While most of the time we want search engine crawlers to grab and index as much content from our web sites as possible, there are situations where we want to prevent crawlers from accessing certain pages or parts of a web site. For example, you don’t want crawlers poking around on non-public parts of your web site. Nor do you want them trying to index scripts, utilities or other types of code. And finally, you may have duplicate content on your web site, and want to ensure that a crawler only gets one copy (the “canonical” version, in search engine parlance).

Today’s Search Illustrated illustrates how you can use the “robots.txt” file as a “keep out” notice for search engine cawlers:

robots_txt_explained_500w.gif

Graphic by Elliance, an eMarketing firm specializing in results-driven search engine marketing, web site design, and outbound eMarketing campaigns. The firm is the creator of the ennect online marketing toolkit. The Search Illustrated column appears Tuesdays at Search Engine Land (and today only, on Wednesday… :-).

Opinions expressed in the article are those of the guest author and not necessarily Search Engine Land.

Related Topics: Channel: SEO | Infographics | Search Illustrated | SEO: Blocking Spiders

Sponsored


About The Author: Graphic by Elliance, an eMarketing firm specializing in results-driven search engine marketing, web site design, and outbound eMarketing campaigns. The firm is the creator of the ennect online marketing toolkit. The Search Illustrated column appears Tuesdays at Search Engine Land.

Connect with the author via: Email



SearchCap:

Get all the top search stories emailed daily!  

Share

Other ways to share:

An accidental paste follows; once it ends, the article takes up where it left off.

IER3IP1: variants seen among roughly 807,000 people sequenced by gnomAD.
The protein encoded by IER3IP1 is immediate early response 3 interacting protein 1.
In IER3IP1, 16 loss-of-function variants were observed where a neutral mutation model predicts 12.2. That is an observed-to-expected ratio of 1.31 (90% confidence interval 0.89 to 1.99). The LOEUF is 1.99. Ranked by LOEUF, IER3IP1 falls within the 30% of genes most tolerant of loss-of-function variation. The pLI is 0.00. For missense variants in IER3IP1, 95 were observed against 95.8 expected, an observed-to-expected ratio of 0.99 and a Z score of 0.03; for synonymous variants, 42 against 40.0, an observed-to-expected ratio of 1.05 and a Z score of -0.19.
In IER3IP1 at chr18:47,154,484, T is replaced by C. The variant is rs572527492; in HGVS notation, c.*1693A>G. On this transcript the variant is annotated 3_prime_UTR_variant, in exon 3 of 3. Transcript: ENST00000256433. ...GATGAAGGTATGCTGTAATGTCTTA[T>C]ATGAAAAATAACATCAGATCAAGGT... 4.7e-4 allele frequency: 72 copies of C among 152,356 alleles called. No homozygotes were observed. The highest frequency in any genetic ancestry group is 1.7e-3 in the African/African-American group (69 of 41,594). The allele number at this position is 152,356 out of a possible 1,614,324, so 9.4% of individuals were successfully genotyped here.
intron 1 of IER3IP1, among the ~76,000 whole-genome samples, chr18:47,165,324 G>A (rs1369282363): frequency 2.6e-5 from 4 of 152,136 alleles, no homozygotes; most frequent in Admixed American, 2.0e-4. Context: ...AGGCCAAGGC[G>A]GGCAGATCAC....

Read before commenting! We welcome constructive comments and allow any that meet our common sense criteria. This means being respectful and polite to others. It means providing helpful information that contributes to a story or discussion. It means leaving links only that substantially add further to a discussion. Comments using foul language, being disrespectful to others or otherwise violating what we believe are common sense standards of discussion will be deleted. Comments may also be removed if they are posted from anonymous accounts. You can read more about our comments policy here.
  • http://www.esnips.com/web/WebAnalyticsGraphs Daniel Waisberg

    Should I understand from this post that the only kind of pages you recommend to block access to crawlers are private, scripts, and duplicate pages? Or these are just examples?

    Do you also believe that internal search pages should be blocked? I understand that there is some controversy on the subject…

    Thank you.
    Daniel Waisberg

  • http://searchengineland.com Danny Sullivan

    Yes, Daniel, I think that was the point of the illustration — to be a general guide of examples as to what someone might block rather than explicit instructions saying you must do this.

    As for search pages, you are correct. Google warns that these should be blocked.

  • http://www.golfvacationinsider.com GolfVacationInsider.com

    Is is possible to block a portion of a page, or only the entire page?

    Thanks in advance for any insight you can provide.

  • http://searchengineland.com Danny Sullivan

    Yahoo supports blocking of parts of pages. See Yahoo Supports New Robots-Nocontent Tag To Block Indexing Within A Page for more about this.

 

Get Our News, Everywhere!

Daily Email:

Follow Search Engine Land on Twitter @sengineland Like Search Engine Land on Facebook Follow Search Engine Land on Google+ Get the Search Engine Land Feed Connect with Search Engine Land on LinkedIn Check out our Tumblr! See us on Pinterest

 
 

Click to watch SMX conference video

Join us at one of our SMX or MarTech events:

United States

Europe

Australia & China

Learn more about: SMX | MarTech


Free Daily Search News Recap!

SearchCap is a once-per-day newsletter update - sign up below and get the news delivered to you!

 


 

Search Engine Land Periodic Table of SEO Success Factors

Get Your Copy
Read The Full SEO Guide